• Microbiology

Cite this

Interactions between physical and biotic factors influence CO2 flux in Antarctic dry valley soils. / Ball, Rebecca; Virginia, Ross A.; Barrett, J. E.; Parsons, Andy N.; Wall, Diana H.

In: Soil Biology and Biochemistry, Vol. 41, No. 7, 07.2009, p. 1510-1517.

Research output: Contribution to journalArticle

Ball, Rebecca ; Virginia, Ross A. ; Barrett, J. E. ; Parsons, Andy N. ; Wall, Diana H. / Interactions between physical and biotic factors influence CO2 flux in Antarctic dry valley soils. In: Soil Biology and Biochemistry. 2009 ; Vol. 41, No. 7. pp. 1510-1517.
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AB - Soil carbon dioxide (CO2) flux is an integrative measure of ecosystem functioning representing both biotic and physical controls over carbon (C) balance. In the McMurdo Dry Valleys of Antarctica, soil CO2 fluxes (approximately -0.1-0.15 μmol m-2 s-1) are generally low, and negative fluxes (uptake of CO2) are sometimes observed. A combination of biological respiration and physical mechanisms, driven by temperature and mediated by soil moisture and mineralogy, determine CO2 flux and, therefore, soil organic C balance. The physical factors important to CO2 flux are being altered with climate variability in many ecosystems including arid forms such as the Antarctic terrestrial ecosystems, making it critical to understand how climate factors interact with biotic drivers to control soil CO2 fluxes and C balances. We measured soil CO2 flux in experimental field manipulations, microcosm incubations and across natural environmental gradients of soil moisture to estimate biotic soil respiration and abiotic sources of CO2 flux in soils over a range of physical and biotic conditions. We determined that temperature fluctuations were the most important factor influencing diel variation in CO2 flux. Variation within these diel CO2 cycles was explained by differences in soil moisture. Increased temperature (as opposed to temperature fluctuations) had little or no effect on CO2 flux if moisture was not also increased. We conclude that CO2 flux in dry valley soils is driven primarily by physical factors such as soil temperature and moisture, indicating that future climate change may alter the dry valley soil C cycle. Negative CO2 fluxes in arid soils have recently been identified as potential net C sinks. We demonstrate the potential for arid polar soils to take up CO2, driven largely by abiotic factors associated with climate change. The low levels of CO2 absorption into soils we observed may not constitute a significant sink of atmospheric CO2, but will influence the interpretation of CO2 flux for the dry valley soil C cycle and possibly other arid environments where biotic controls over C cycling are secondary to physical drivers.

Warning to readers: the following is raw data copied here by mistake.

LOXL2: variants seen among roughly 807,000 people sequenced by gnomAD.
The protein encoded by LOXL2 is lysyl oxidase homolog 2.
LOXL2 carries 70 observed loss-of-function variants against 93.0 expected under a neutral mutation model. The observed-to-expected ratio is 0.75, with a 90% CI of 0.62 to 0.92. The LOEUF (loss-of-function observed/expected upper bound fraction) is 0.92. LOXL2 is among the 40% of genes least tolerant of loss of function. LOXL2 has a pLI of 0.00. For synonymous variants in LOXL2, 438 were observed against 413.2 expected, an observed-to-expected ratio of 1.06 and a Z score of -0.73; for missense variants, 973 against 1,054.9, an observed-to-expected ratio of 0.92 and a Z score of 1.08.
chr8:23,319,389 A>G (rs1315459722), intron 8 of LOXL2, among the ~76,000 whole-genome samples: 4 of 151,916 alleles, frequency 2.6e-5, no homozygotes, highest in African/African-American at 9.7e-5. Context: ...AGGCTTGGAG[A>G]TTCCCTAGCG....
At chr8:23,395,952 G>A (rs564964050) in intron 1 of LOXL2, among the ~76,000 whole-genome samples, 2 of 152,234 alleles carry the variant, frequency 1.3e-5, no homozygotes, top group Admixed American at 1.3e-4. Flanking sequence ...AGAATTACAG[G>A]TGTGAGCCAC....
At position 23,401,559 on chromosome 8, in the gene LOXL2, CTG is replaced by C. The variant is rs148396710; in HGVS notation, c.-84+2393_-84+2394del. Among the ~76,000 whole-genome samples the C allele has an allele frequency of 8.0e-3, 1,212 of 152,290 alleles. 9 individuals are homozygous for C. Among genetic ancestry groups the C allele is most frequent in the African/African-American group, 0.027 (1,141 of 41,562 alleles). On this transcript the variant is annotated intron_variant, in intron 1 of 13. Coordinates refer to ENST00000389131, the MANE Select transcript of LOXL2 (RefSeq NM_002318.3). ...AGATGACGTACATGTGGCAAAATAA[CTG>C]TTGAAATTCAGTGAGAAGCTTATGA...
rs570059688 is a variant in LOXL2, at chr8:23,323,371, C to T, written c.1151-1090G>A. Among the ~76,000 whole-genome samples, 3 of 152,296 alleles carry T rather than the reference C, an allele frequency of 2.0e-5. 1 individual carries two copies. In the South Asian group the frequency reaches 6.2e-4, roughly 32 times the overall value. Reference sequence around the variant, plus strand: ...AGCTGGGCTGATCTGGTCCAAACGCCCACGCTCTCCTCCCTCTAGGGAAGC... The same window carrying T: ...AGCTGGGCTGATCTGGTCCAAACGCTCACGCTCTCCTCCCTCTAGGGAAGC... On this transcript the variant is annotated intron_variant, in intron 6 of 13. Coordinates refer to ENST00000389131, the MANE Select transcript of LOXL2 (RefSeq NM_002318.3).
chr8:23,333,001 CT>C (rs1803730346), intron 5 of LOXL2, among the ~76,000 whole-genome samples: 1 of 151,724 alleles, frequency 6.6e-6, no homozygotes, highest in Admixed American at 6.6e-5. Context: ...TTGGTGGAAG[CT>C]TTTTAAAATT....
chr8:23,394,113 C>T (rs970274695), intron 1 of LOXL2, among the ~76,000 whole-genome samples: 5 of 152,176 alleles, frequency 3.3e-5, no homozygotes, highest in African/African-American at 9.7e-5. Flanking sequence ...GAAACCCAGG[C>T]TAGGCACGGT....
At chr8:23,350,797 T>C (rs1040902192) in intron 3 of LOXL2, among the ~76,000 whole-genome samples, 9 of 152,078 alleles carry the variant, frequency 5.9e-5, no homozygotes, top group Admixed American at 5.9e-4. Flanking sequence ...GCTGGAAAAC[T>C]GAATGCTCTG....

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KW - Climate change

KW - CO flux

KW - McMurdo Dry Valleys

KW - Nematodes

KW - Soil biodiversity

KW - Soil respiration